Definitions

from The Century Dictionary and Cyclopedia

  • n. Paper stamped or cut by hand with an openwork pattern resembling some variety of lace.

Etymologies

Sorry, no etymologies found.

Examples

  • We want to admire the waves, and they drag us off to inspect the last new villa: we like the beach, and they bid us enjoy the gardens, brought every spring in lace-paper out of the florist's shop.

    Lippincott's Magazine of Popular Literature and Science Volume 11, No. 27, June, 1873

  • We had white lace-paper on the shelves and we used drawn-work paper napkins.

    Letters of a Woman Homesteader

  • I look at them, and recall with some irony those great round bunches in the shape of cauliflowers, which our florists sell in France, wrapped in white lace-paper!

    The French Immortals Series — Complete

  • The twins, dressed exactly alike, walked in front, each carrying an enormous bouquet of cut flowers in a "lace-paper" holder.

    McTeague

  • They were stiff and formal things, as big round as a breakfast plate, and invariably composed of a half-dozen wired japonicas ornamented with a pretentious cape of marvellously wrought lace-paper.

    A belle of the fifties : memoirs of Mrs. Clay, of Alabama, covering social and political life in Washington and the South, 1853-66,

  • It was an odd affair -- a white silk gown dotted with red hearts and bordered with dozens of old-fashioned lace-paper valentines, with their bright array of cupids and doves and flowers; and to May it was most becoming.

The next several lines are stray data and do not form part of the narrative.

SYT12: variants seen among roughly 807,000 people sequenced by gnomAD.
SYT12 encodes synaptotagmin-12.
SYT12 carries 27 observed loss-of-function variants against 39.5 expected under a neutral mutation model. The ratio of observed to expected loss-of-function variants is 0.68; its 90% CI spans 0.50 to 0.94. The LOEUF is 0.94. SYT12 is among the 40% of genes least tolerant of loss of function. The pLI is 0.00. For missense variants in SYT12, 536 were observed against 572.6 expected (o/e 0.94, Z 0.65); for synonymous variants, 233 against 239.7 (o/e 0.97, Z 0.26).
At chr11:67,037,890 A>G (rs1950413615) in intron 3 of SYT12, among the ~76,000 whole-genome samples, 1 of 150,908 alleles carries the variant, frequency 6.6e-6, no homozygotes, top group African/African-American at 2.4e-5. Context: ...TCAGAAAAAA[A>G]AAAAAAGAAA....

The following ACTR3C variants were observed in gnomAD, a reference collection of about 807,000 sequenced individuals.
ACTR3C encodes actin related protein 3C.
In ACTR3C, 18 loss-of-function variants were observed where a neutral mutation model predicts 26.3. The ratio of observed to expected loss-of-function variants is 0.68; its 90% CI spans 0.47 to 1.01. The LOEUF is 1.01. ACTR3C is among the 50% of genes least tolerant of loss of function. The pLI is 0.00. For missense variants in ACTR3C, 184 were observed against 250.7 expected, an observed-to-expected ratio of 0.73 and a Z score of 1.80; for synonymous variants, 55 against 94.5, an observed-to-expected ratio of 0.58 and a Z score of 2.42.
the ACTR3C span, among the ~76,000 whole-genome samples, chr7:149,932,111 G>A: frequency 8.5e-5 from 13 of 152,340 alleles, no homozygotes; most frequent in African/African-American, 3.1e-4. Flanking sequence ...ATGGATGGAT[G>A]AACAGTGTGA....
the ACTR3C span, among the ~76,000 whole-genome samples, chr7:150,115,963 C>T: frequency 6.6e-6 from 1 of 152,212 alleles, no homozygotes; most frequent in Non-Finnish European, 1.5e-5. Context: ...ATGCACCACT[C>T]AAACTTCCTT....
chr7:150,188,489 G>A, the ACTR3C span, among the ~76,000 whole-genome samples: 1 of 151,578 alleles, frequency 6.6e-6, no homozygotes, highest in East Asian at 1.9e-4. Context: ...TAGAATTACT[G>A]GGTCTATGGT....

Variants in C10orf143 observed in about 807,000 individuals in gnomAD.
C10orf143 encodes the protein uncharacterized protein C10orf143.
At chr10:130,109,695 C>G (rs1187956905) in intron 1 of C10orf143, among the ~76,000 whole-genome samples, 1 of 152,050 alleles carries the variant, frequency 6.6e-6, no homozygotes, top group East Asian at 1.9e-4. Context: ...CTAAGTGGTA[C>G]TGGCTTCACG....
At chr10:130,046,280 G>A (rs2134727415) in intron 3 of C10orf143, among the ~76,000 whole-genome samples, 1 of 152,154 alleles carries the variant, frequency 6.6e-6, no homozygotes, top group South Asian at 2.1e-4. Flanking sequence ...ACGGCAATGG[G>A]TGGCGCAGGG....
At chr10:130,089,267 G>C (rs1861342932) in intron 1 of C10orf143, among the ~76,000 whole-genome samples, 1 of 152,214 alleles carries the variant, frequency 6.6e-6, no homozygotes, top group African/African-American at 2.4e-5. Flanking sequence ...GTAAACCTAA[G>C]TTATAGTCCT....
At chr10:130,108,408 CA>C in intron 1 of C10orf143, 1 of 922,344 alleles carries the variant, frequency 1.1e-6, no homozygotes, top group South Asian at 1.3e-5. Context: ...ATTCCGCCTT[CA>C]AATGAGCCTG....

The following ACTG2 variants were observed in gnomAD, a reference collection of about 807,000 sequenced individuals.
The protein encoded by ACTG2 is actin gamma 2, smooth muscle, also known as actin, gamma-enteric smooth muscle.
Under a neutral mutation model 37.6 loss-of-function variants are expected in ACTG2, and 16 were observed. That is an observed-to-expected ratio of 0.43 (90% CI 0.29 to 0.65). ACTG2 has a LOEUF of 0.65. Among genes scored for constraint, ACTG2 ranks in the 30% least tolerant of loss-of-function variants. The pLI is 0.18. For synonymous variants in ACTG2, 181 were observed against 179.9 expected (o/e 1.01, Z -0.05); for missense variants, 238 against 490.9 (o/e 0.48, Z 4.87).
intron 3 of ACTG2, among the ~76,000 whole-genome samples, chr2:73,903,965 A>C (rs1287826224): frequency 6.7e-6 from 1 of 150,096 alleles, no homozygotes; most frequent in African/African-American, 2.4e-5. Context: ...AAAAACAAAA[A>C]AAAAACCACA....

Cicely and Other Stories

  • "We have got beyond hearts and darts and lace-paper affairs; but cast your judicial eye over that table at all I have received to-day: books and music and boxes of candy and no end of flowers."

    Cicely and Other Stories

  • So she dressed as an old-fashioned lace-paper valentine.

    Mary Ware's Promised Land

  • He insisted on decorating the table with rhododendron flowers, and placing on it every night four dishes of Moradabad metal work containing respectively six figs, six French plums, six dates, and six biscuits, all reposing on the orthodox lace-paper mats, and the moment dinner was over he carefully replaced these in pickle-jars for use next evening.

    The Days Before Yesterday

  • I look at them, and recall with some irony those great round bunches in the shape of cauliflowers, which our florists sell in France, wrapt in their white lace-paper.

    Madame Chrysantheme

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